Air Quality in Cities
According to the World Health Organisation (WHO), air pollution is the biggest environmental risk to health in Europe. Moreover, the European Environment Agency (EEA) estimates that more than 1.000 premature deaths occur each day due to air pollution, of which road transport continues to be a major contributor. For instance, in 2015, it was responsible for 39 % of atmospheric nitrogen oxides (NOx) and 11 % of particulate matter (PM10 and PM2.5) emissions.(Source: European Court of Auditors, The EU’s response to the “dieselgate” scandal)
Along this vein, electric vehicles can ensure a cleaner solution for countries, as they do not produce any tailpipe pollutants such as NOx and fine particles (PM10 and PM2.5).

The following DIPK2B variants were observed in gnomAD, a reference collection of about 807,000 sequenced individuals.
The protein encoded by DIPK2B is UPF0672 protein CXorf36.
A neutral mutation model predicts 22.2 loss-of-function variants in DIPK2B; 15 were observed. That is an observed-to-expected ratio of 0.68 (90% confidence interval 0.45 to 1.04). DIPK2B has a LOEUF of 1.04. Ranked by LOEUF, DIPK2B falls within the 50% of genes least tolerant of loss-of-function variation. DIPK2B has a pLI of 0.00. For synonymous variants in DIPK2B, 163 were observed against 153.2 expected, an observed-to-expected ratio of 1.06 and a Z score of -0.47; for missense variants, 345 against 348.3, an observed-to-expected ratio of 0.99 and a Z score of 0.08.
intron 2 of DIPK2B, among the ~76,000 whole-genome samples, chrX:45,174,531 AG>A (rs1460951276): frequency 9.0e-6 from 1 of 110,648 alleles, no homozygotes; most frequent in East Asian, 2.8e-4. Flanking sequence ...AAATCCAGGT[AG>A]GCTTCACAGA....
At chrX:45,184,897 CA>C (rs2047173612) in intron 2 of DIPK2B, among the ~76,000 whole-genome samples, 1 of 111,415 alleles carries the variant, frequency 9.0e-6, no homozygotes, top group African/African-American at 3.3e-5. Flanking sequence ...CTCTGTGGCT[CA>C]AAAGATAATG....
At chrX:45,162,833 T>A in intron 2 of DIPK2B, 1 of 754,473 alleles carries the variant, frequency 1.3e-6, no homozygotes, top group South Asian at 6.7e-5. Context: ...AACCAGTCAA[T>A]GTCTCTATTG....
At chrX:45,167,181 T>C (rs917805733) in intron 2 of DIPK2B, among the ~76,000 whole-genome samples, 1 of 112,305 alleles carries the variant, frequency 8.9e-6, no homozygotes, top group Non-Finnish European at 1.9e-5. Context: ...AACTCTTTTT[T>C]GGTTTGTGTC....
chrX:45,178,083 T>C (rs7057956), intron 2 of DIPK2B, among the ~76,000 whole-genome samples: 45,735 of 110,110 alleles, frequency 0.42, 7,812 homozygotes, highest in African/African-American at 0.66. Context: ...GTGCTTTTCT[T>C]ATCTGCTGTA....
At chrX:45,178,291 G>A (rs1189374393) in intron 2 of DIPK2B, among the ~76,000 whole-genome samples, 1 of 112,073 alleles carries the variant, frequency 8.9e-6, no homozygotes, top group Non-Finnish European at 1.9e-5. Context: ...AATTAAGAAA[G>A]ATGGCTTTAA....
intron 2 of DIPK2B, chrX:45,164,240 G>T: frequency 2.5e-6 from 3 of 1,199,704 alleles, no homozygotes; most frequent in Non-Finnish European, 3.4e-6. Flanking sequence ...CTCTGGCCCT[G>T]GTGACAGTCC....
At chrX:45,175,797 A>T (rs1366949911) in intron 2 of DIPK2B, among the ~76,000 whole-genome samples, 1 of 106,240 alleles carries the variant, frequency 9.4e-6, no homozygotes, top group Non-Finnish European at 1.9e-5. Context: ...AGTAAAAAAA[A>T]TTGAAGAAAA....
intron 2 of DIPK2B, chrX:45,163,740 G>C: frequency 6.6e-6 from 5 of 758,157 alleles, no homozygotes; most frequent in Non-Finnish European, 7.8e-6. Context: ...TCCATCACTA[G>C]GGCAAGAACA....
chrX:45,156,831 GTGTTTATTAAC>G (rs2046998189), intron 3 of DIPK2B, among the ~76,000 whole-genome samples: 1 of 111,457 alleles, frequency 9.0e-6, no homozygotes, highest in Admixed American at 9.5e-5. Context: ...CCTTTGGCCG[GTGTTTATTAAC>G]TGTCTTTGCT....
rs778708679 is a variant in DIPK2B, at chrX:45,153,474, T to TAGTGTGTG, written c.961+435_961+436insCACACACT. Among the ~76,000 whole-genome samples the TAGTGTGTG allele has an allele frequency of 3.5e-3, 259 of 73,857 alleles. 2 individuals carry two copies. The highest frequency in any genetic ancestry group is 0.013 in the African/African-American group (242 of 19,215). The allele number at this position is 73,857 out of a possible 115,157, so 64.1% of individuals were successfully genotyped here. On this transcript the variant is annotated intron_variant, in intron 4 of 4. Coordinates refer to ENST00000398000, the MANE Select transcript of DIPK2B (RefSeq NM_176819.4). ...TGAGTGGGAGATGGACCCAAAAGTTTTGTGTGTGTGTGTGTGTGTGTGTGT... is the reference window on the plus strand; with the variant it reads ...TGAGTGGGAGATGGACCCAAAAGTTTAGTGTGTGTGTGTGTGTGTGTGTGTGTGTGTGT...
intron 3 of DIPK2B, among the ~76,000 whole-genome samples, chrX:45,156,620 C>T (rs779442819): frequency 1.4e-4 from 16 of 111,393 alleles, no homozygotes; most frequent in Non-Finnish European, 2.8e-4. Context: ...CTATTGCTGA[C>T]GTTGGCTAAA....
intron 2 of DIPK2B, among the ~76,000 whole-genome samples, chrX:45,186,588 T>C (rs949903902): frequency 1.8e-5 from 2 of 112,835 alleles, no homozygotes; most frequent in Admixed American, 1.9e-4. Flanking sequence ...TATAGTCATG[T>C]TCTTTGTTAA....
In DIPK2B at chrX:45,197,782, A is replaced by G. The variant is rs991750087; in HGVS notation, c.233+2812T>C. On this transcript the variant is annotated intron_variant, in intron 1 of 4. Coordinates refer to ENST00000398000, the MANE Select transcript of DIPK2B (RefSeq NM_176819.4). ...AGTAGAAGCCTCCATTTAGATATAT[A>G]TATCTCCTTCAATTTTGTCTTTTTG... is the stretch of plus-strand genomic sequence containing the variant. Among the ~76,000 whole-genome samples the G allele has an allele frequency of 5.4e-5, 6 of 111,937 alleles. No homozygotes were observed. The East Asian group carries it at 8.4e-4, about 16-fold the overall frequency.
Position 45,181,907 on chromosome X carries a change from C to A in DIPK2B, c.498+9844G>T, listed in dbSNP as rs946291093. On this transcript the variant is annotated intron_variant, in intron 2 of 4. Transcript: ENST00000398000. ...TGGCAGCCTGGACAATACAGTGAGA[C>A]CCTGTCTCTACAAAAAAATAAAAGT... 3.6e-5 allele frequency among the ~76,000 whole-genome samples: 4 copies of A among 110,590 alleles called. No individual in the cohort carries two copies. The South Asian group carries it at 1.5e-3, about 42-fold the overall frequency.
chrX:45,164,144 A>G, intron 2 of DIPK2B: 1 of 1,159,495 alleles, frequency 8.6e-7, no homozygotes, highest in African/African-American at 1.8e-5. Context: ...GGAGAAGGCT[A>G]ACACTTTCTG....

Car free days in cities like Paris and Brussels have demonstrated a radical drop in NOx pollutants within hours of the ban being effective.
In fact, the French Senate, found that air pollution costs France €101.3bn a year in negative health, economic and financial consequences. It said illnesses created or worsened by pollution included Alzheimer’s disease, heart disease, respiratory disease and some cancers, and that air pollution is also linked to fetal development problems. The report also estimated that pollution caused up to 45,000 premature deaths in France a year, from asthma, chronic bronchitis, heart attacks, lung cancer and strokes (Source: EAFO 2017)